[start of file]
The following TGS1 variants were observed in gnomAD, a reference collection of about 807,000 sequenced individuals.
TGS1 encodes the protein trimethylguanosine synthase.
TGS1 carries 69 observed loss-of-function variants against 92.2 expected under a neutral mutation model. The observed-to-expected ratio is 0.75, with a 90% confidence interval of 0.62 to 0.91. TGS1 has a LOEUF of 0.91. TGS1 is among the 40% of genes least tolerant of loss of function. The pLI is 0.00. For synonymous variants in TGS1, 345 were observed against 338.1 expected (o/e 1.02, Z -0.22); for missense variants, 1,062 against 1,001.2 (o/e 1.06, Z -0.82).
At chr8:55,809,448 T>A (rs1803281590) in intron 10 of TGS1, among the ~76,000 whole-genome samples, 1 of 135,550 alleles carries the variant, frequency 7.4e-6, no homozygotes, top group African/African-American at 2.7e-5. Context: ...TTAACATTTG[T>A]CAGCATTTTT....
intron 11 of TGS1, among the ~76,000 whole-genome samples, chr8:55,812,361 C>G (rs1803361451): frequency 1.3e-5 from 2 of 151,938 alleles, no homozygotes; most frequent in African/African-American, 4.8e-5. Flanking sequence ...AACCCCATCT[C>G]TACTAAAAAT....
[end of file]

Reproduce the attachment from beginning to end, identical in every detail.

The following TGS1 variants were observed in gnomAD, a reference collection of about 807,000 sequenced individuals.
TGS1 encodes the protein trimethylguanosine synthase.
TGS1 carries 69 observed loss-of-function variants against 92.2 expected under a neutral mutation model. The observed-to-expected ratio is 0.75, with a 90% confidence interval of 0.62 to 0.91. TGS1 has a LOEUF of 0.91. TGS1 is among the 40% of genes least tolerant of loss of function. The pLI is 0.00. For synonymous variants in TGS1, 345 were observed against 338.1 expected (o/e 1.02, Z -0.22); for missense variants, 1,062 against 1,001.2 (o/e 1.06, Z -0.82).
At chr8:55,809,448 T>A (rs1803281590) in intron 10 of TGS1, among the ~76,000 whole-genome samples, 1 of 135,550 alleles carries the variant, frequency 7.4e-6, no homozygotes, top group African/African-American at 2.7e-5. Context: ...TTAACATTTG[T>A]CAGCATTTTT....
intron 11 of TGS1, among the ~76,000 whole-genome samples, chr8:55,812,361 C>G (rs1803361451): frequency 1.3e-5 from 2 of 151,938 alleles, no homozygotes; most frequent in African/African-American, 4.8e-5. Flanking sequence ...AACCCCATCT[C>G]TACTAAAAAT....